December 05, 2022

Christmas and Advent Hymns and their Story

“Hark the Glad Sound”

As was typical of his several hundred hymns, Philip Doddridge [1702-1751] wrote “Hark the Glad Sound” for his congregation to sing in connection with one of his sermons. This hymn was used on December 28, 1735, on “Christ’s Message” from Luke 4:18-19 – that is on the preaching of Jesus in His hometown of Nazareth.
Even though it was written during the Christmas season, “Hark the Glad Sound” finds a place in Advent due to it’s emphasis on the coming of the Savior and the voice that announces this coming. For preaching – not only the preaching of John the Baptist [Luke 3:3-6], but the Lord’s own preaching in the flesh [Luke 4:17-19] – is the glad sound by which the Old Testament Scriptures are fulfilled.
It is by the preaching of this Good News that those held in bondage are set free; Isaiah 40:2 – “Speak tenderly to Jerusalem, and cry to her that her warfare is ended, that her iniquity is pardoned, that she has received from the LORD’s hand double for all her sins.” For Christ the Lord bears all the burden and the weight, and He suffers all the broken-ness and the bloody death of sin, in order to release the prisoners of Satan and grant them the peace of heaven; Isaiah 52:2 – “ Shake yourself from the dust and arise; be seated, O Jerusalem; loose the bonds from your neck, O captive daughter of Zion.”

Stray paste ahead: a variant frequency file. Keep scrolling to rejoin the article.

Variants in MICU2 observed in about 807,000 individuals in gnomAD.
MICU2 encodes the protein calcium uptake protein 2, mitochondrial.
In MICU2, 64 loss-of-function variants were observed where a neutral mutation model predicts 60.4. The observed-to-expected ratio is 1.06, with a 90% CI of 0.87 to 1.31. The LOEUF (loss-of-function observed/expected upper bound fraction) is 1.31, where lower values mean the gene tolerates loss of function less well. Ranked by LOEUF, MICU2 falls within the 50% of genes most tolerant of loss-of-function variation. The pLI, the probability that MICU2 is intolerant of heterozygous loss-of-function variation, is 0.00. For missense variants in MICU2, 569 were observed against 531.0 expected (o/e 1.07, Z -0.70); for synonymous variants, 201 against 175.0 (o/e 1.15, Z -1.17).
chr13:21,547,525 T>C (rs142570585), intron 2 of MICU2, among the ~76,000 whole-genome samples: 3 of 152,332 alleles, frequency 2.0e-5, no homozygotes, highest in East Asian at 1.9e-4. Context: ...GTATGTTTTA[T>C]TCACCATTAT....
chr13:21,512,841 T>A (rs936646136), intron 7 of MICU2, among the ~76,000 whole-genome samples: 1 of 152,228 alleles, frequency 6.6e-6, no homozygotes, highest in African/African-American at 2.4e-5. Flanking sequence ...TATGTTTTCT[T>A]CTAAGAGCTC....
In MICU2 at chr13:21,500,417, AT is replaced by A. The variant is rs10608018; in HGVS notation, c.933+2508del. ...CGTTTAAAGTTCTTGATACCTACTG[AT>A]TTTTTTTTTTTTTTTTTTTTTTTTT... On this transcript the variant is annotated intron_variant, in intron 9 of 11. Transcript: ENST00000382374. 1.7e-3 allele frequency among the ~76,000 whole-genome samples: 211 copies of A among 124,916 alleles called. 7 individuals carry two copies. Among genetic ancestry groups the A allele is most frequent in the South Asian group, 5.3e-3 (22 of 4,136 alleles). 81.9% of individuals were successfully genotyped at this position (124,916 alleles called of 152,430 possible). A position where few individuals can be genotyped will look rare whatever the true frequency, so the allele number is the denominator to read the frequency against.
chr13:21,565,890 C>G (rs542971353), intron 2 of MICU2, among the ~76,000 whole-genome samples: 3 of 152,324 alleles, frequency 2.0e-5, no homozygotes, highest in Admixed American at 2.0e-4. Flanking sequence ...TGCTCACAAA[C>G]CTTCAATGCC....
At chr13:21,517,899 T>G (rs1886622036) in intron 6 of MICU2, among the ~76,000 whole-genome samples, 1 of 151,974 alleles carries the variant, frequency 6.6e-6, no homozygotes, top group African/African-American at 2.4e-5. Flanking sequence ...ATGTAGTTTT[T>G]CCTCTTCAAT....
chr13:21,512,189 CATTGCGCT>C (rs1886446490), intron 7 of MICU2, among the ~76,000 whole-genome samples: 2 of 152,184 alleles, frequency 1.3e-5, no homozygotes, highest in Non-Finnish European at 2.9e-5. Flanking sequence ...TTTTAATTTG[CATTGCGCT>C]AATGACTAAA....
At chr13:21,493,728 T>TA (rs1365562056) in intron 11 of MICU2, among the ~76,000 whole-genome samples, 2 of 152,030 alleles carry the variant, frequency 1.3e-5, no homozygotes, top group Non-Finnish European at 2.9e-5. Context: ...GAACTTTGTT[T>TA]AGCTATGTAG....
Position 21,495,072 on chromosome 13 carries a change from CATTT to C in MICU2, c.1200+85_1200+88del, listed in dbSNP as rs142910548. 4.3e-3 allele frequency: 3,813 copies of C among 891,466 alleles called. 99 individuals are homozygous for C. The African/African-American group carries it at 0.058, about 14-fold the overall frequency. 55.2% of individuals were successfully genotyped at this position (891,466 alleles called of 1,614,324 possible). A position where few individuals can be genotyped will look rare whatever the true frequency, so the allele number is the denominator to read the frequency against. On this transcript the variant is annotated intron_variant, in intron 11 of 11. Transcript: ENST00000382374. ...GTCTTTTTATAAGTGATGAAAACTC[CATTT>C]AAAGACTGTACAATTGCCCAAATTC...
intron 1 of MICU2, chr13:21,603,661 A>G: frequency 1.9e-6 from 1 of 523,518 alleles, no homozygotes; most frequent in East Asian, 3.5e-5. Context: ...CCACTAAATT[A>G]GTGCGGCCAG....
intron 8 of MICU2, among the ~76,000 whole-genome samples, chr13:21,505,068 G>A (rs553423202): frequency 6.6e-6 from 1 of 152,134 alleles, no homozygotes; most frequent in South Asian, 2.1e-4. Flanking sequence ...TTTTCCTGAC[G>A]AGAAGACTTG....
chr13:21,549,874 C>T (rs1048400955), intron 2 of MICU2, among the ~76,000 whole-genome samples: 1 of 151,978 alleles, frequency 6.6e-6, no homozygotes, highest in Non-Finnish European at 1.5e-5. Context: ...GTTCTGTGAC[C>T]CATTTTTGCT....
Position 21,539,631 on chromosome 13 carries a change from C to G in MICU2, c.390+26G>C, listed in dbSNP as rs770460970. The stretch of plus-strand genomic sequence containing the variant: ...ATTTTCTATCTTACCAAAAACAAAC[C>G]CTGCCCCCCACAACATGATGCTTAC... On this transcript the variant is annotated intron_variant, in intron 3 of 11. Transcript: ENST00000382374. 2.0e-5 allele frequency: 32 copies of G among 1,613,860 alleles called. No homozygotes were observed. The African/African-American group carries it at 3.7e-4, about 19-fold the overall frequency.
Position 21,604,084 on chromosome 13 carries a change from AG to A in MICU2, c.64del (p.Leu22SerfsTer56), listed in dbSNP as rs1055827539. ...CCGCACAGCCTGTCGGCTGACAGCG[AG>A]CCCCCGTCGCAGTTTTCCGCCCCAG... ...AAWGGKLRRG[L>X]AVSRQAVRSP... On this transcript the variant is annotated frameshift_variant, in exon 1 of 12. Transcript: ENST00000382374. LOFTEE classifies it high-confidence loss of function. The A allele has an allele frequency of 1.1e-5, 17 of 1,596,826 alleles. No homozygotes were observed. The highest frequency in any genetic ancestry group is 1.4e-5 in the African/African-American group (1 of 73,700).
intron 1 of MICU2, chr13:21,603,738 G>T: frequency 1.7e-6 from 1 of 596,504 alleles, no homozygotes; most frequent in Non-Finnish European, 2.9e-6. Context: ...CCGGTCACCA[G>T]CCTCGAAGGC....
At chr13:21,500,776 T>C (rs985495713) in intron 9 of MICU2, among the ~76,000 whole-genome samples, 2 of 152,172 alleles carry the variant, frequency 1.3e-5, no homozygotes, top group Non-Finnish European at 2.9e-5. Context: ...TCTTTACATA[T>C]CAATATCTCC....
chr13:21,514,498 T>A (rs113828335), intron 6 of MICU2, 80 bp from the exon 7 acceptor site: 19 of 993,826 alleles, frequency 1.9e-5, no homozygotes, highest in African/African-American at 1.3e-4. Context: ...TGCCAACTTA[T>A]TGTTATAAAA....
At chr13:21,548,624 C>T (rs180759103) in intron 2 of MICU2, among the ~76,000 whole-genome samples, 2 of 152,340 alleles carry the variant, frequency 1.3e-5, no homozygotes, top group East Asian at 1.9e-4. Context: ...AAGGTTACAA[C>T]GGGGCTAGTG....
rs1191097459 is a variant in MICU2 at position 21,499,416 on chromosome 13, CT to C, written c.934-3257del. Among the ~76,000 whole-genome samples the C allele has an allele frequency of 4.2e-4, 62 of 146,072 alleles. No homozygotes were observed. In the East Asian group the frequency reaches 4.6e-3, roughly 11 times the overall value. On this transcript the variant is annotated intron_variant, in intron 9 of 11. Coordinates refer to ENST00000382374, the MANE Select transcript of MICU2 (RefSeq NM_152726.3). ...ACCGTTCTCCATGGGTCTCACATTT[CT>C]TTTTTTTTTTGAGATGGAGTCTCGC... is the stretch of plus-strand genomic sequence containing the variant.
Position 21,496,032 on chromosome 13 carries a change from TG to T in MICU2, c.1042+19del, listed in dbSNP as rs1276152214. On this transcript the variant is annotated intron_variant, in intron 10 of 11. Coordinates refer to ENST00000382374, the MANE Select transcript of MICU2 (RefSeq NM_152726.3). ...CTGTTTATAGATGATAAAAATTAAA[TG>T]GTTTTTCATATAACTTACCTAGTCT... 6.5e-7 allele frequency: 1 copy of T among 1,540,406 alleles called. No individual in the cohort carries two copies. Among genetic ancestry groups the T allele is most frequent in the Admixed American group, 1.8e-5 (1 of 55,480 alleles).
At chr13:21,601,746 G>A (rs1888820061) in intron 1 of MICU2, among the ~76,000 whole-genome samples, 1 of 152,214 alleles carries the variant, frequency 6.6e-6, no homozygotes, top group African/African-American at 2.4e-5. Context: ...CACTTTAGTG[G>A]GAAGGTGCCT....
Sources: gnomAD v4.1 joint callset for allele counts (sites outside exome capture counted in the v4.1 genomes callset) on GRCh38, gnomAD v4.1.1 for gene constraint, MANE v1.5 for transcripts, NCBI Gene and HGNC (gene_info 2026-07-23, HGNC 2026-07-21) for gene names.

We sing the same songs of praise every time we join in worship at our Lord’s house. Indeed, that song rings out, on earth as it is in heaven, wherever the Gospel is preached.

Hark the glad sound! The Savior comes, the Savior promised long;
Let ev’ry heart prepare a throne and ev’ry voice a song.

LSB 349

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